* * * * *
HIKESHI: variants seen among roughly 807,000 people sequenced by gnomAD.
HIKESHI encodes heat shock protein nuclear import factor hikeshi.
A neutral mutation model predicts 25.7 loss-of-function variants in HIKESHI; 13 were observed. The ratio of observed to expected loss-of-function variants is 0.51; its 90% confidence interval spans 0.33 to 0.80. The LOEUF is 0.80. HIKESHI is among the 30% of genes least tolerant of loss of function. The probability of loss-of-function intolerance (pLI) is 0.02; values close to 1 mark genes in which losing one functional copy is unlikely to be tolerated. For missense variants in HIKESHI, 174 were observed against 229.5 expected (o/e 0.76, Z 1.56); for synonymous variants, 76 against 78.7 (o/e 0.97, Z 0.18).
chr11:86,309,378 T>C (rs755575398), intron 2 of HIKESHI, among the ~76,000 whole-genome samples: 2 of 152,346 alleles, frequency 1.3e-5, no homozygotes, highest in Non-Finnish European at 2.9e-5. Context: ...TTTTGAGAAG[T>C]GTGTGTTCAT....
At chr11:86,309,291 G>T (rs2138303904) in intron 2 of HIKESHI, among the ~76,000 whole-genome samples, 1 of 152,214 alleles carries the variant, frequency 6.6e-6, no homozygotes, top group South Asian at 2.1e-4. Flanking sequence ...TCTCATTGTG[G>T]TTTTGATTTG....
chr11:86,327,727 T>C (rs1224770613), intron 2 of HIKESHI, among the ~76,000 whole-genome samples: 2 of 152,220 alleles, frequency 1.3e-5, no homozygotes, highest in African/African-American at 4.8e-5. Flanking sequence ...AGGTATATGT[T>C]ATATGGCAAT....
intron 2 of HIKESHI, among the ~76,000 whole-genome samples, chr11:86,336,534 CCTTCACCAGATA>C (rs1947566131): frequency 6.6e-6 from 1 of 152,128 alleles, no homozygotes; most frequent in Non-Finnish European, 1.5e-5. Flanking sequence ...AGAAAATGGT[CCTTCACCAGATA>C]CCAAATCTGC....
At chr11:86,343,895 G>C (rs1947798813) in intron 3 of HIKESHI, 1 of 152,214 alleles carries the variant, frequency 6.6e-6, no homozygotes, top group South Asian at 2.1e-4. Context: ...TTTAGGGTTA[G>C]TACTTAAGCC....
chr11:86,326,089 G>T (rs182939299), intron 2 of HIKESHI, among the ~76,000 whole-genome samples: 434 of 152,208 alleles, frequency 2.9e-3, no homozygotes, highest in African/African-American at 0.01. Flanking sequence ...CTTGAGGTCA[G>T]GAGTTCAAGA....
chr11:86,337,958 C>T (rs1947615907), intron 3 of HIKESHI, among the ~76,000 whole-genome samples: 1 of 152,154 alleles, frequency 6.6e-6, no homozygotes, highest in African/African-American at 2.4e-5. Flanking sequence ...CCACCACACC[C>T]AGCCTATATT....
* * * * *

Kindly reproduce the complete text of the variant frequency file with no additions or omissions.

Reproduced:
HIKESHI: variants seen among roughly 807,000 people sequenced by gnomAD.
HIKESHI encodes heat shock protein nuclear import factor hikeshi.
A neutral mutation model predicts 25.7 loss-of-function variants in HIKESHI; 13 were observed. The ratio of observed to expected loss-of-function variants is 0.51; its 90% confidence interval spans 0.33 to 0.80. The LOEUF is 0.80. HIKESHI is among the 30% of genes least tolerant of loss of function. The probability of loss-of-function intolerance (pLI) is 0.02; values close to 1 mark genes in which losing one functional copy is unlikely to be tolerated. For missense variants in HIKESHI, 174 were observed against 229.5 expected (o/e 0.76, Z 1.56); for synonymous variants, 76 against 78.7 (o/e 0.97, Z 0.18).
chr11:86,309,378 T>C (rs755575398), intron 2 of HIKESHI, among the ~76,000 whole-genome samples: 2 of 152,346 alleles, frequency 1.3e-5, no homozygotes, highest in Non-Finnish European at 2.9e-5. Context: ...TTTTGAGAAG[T>C]GTGTGTTCAT....
At chr11:86,309,291 G>T (rs2138303904) in intron 2 of HIKESHI, among the ~76,000 whole-genome samples, 1 of 152,214 alleles carries the variant, frequency 6.6e-6, no homozygotes, top group South Asian at 2.1e-4. Flanking sequence ...TCTCATTGTG[G>T]TTTTGATTTG....
chr11:86,327,727 T>C (rs1224770613), intron 2 of HIKESHI, among the ~76,000 whole-genome samples: 2 of 152,220 alleles, frequency 1.3e-5, no homozygotes, highest in African/African-American at 4.8e-5. Flanking sequence ...AGGTATATGT[T>C]ATATGGCAAT....
intron 2 of HIKESHI, among the ~76,000 whole-genome samples, chr11:86,336,534 CCTTCACCAGATA>C (rs1947566131): frequency 6.6e-6 from 1 of 152,128 alleles, no homozygotes; most frequent in Non-Finnish European, 1.5e-5. Flanking sequence ...AGAAAATGGT[CCTTCACCAGATA>C]CCAAATCTGC....
At chr11:86,343,895 G>C (rs1947798813) in intron 3 of HIKESHI, 1 of 152,214 alleles carries the variant, frequency 6.6e-6, no homozygotes, top group South Asian at 2.1e-4. Context: ...TTTAGGGTTA[G>C]TACTTAAGCC....
chr11:86,326,089 G>T (rs182939299), intron 2 of HIKESHI, among the ~76,000 whole-genome samples: 434 of 152,208 alleles, frequency 2.9e-3, no homozygotes, highest in African/African-American at 0.01. Flanking sequence ...CTTGAGGTCA[G>T]GAGTTCAAGA....
chr11:86,337,958 C>T (rs1947615907), intron 3 of HIKESHI, among the ~76,000 whole-genome samples: 1 of 152,154 alleles, frequency 6.6e-6, no homozygotes, highest in African/African-American at 2.4e-5. Flanking sequence ...CCACCACACC[C>T]AGCCTATATT....